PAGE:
The Passenger Transport Executive Group (pteg) has called on the Treasury to recognise the unique benefits of local transport ahead of the July Spending Review.
The call comes as the group - which represents the six strategic transport bodies in the largest city regions outside London - identified key advantages to smaller transport schemes, including being more responsive, more targeted and the ability to act as a pilot to provide proof of concept.
The Small but mighty report comes from in-depth research into ten local case studies and builds on pteg’s 2011 Value for money report which found that, on average, smaller schemes deliver £3.50 of economic benefits for every £1 of public spending.
‘Smaller schemes can be more effectively targeted at key bottlenecks and focus on quick wins. [They] (…) provide a low cost, low risk opportunity to test out novel ideas before proceeding to a larger scale roll-out,’ the latest pteg research argues.
Dr Jon Lamonte, chair of pteg, said: ‘By using local expertise to target local problems, smaller transport schemes can deliver outstanding value for money. Combined with larger transformational projects, they are vital in promoting economic growth and achieving wider social objectives.’
Dr Lamonte went on to suggest that pteg’s research should inform the upcoming Spending Review on 8 July ‘ensuring local transport can fulfil its potential in supporting economic growth.’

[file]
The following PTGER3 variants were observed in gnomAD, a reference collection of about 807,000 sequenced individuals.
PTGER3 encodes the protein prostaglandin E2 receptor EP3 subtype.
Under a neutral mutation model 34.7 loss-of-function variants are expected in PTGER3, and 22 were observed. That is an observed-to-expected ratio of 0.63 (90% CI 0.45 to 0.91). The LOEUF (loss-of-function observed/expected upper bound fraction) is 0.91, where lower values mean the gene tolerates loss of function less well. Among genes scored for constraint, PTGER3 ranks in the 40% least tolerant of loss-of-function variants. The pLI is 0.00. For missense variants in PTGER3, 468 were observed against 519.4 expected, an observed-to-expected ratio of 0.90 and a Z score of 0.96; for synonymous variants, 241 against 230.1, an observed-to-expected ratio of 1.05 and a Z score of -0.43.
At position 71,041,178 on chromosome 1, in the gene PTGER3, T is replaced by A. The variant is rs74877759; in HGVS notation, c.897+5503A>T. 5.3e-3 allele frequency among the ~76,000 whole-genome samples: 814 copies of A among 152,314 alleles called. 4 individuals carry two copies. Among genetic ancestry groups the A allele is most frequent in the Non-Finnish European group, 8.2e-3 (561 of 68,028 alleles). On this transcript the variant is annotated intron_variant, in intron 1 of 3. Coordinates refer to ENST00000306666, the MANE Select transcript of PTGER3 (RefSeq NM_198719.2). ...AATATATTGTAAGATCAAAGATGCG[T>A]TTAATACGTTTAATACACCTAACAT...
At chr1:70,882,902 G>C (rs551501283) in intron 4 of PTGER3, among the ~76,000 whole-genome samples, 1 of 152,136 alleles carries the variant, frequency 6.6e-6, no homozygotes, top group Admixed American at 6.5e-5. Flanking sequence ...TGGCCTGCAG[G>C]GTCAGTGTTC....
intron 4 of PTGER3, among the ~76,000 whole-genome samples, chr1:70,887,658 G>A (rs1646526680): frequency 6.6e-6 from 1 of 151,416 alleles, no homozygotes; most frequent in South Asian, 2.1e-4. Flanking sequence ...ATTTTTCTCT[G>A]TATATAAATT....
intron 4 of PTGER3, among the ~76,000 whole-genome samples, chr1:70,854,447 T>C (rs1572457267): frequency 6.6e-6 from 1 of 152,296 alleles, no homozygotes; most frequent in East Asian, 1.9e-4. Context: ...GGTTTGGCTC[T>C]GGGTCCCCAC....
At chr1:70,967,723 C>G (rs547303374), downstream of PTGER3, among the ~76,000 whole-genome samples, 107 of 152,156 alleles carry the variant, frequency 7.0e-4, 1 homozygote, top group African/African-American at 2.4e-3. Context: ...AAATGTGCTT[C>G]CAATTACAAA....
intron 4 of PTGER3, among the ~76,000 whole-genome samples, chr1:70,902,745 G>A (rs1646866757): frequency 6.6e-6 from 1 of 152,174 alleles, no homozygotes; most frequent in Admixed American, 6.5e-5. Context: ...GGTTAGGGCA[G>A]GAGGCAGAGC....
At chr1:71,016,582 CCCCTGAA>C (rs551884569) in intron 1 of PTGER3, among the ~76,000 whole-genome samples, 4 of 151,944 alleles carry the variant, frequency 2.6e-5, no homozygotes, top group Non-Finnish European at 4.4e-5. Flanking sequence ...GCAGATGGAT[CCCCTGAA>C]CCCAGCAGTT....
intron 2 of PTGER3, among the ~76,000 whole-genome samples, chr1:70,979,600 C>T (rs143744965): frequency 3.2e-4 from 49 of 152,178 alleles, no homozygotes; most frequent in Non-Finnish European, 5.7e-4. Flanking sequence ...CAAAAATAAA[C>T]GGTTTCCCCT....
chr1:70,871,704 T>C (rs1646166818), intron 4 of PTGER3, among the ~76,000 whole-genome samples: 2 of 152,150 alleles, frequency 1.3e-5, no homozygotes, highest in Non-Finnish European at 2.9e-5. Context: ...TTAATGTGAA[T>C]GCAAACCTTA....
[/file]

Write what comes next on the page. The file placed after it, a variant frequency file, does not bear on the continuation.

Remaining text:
Outlining the four main advantages to smaller schemes, petg states:
· Small schemes are responsive – they are easy to implement and can be used to address swiftly changing situations. The South Yorkshire JobConnectors programme provided enhanced bus links to new employment sites in an area of South Yorkshire with low car ownership, creating up to a 62% increase in patronage, while reducing staff turnover and improving recruitment.
· Small schemes can capitalise effectively on local knowledge to quickly tackle known local problems. For example in West Yorkshire a traffic light priority scheme identified and prioritised junction signals, reprogramming them to speed up buses. This has had a positive effect on bus reliability and operating speeds, with journey time savings of around 15%.
· Small schemes can provide proof of concept and scalability – they can help us understand key success factors, which can be used to scale up what works. The Ucycle project in Nottingham started with two small trials at university campuses, and was later extended to encompass further education colleges and improvements to cycle routes following positive early results. Nearly 15% of University of Nottingham students and staff now cycle to campus.
· Small schemes are easily targeted – they can focus on quick wins and the most troublesome bottlenecks. Transport for Greater Manchester’s ‘Local Link’ bus initiative provides a bookable ‘go anywhere’ bus service that fills in the missing links in transport provision, allowing workers to reach previously inaccessible employment opportunities. In one area, work trips by bus almost doubled.